‘Most of our assumptions have outlived their uselessness.’
A lot of times my job boils down to a confidence game. If I have enough belief in what I am saying about my product, the listener will be convinced to at least listen to me with an open mind. Then again, aren’t all sales like that?
Walking into many of the offices this past week and a half has been like déjà vu. I remember the faces, usually not the names, but enough so that I can move past the initial rejection and at least get an audience for my product line. And in sales, that’s half the battle.
Each of the offices have a different feel, so there are times when I need to make the assumption that they will remember me, or at least think that they do when I speak in a more familial tone and body language. It worked a few times today, even though the relationship before was not very strong.
But making assumptions can backfire, especially if I take for granted that I need to detail them on the product before moving to time in front of the doc. This has forced me to tread very carefully into the waters of the give-and-take which is all too familiar to anyone who has sold anything in their life.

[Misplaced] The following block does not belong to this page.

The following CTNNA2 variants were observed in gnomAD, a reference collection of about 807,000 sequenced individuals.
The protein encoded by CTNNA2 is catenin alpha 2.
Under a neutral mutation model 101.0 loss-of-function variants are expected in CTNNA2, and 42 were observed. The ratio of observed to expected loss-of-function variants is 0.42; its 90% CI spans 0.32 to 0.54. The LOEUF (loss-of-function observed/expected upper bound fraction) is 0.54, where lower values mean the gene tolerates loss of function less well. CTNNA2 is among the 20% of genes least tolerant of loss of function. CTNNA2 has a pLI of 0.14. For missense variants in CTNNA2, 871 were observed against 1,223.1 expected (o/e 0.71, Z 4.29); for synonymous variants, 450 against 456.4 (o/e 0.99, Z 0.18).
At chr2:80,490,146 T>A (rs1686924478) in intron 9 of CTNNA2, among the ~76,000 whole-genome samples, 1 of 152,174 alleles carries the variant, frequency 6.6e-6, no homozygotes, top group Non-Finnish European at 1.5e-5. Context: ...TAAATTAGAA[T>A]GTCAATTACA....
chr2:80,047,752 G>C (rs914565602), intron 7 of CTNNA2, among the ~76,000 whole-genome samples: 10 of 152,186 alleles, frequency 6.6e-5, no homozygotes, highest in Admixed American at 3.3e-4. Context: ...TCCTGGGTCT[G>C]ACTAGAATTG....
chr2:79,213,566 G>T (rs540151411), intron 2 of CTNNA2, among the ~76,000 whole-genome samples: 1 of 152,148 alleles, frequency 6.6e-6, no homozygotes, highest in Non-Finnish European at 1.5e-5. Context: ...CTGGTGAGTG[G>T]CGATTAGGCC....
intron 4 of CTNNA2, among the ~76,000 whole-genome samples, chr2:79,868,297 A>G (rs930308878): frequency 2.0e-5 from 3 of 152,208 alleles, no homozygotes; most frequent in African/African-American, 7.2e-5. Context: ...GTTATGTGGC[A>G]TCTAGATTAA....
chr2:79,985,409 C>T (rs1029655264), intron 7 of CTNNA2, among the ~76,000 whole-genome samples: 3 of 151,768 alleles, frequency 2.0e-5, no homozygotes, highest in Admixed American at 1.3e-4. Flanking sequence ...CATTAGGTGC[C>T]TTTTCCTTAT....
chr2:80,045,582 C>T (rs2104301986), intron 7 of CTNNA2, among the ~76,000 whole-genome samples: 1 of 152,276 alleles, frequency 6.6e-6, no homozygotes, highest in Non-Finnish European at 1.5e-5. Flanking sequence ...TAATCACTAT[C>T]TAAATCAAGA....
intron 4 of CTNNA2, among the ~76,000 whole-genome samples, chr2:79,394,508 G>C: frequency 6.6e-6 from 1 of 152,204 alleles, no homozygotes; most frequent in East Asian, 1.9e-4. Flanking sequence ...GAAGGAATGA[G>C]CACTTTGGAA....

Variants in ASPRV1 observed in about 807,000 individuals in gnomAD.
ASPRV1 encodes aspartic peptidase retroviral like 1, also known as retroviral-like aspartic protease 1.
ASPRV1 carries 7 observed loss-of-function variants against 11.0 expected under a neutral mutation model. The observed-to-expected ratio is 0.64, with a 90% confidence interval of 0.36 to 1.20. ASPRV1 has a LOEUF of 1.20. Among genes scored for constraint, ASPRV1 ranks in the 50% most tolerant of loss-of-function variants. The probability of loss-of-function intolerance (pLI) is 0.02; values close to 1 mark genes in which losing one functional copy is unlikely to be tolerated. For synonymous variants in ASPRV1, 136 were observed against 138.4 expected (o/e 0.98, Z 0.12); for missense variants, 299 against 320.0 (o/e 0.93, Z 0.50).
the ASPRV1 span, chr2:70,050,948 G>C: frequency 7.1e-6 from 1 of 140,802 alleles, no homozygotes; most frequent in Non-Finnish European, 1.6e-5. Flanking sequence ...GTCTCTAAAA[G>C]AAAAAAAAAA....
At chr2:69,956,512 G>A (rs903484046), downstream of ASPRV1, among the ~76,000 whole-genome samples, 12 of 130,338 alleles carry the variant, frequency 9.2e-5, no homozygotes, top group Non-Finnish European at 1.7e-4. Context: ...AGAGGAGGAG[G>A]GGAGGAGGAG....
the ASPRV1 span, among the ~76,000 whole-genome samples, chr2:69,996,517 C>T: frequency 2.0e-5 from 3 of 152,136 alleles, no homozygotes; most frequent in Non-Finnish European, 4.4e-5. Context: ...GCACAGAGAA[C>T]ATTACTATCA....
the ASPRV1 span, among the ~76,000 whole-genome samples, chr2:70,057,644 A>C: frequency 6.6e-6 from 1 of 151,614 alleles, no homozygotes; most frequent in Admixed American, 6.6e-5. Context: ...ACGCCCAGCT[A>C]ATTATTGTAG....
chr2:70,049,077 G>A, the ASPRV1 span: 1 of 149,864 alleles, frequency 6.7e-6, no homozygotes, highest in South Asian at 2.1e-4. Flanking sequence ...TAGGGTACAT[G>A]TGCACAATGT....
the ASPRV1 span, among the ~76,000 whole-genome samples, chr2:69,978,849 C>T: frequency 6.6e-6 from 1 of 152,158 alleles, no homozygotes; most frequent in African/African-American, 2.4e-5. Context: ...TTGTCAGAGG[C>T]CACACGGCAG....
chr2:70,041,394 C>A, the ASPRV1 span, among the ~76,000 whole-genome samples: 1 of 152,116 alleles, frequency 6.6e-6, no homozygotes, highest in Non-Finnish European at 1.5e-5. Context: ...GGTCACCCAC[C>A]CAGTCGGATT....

This isn’t only true in my work life, but in my relationships as well. I need to make sure that my communication is effective and that the message being received is the same as that being given. All too often when assumptions are made in relationships it leads to complications down the line. And since it is so easy for me to dismiss any type of conflict for fear of having to deal with it, this goes double for me.
So I try and remember to speak to my partner with the same kindness and understanding that I would want to receive. This sounds easy to do, but when my sensitivity takes over, my first defense is a blunt-force-trauma offense, and that only complicates the matter.
Just for today I will say what I mean and mean what I say, being mindful of the recipient of the message.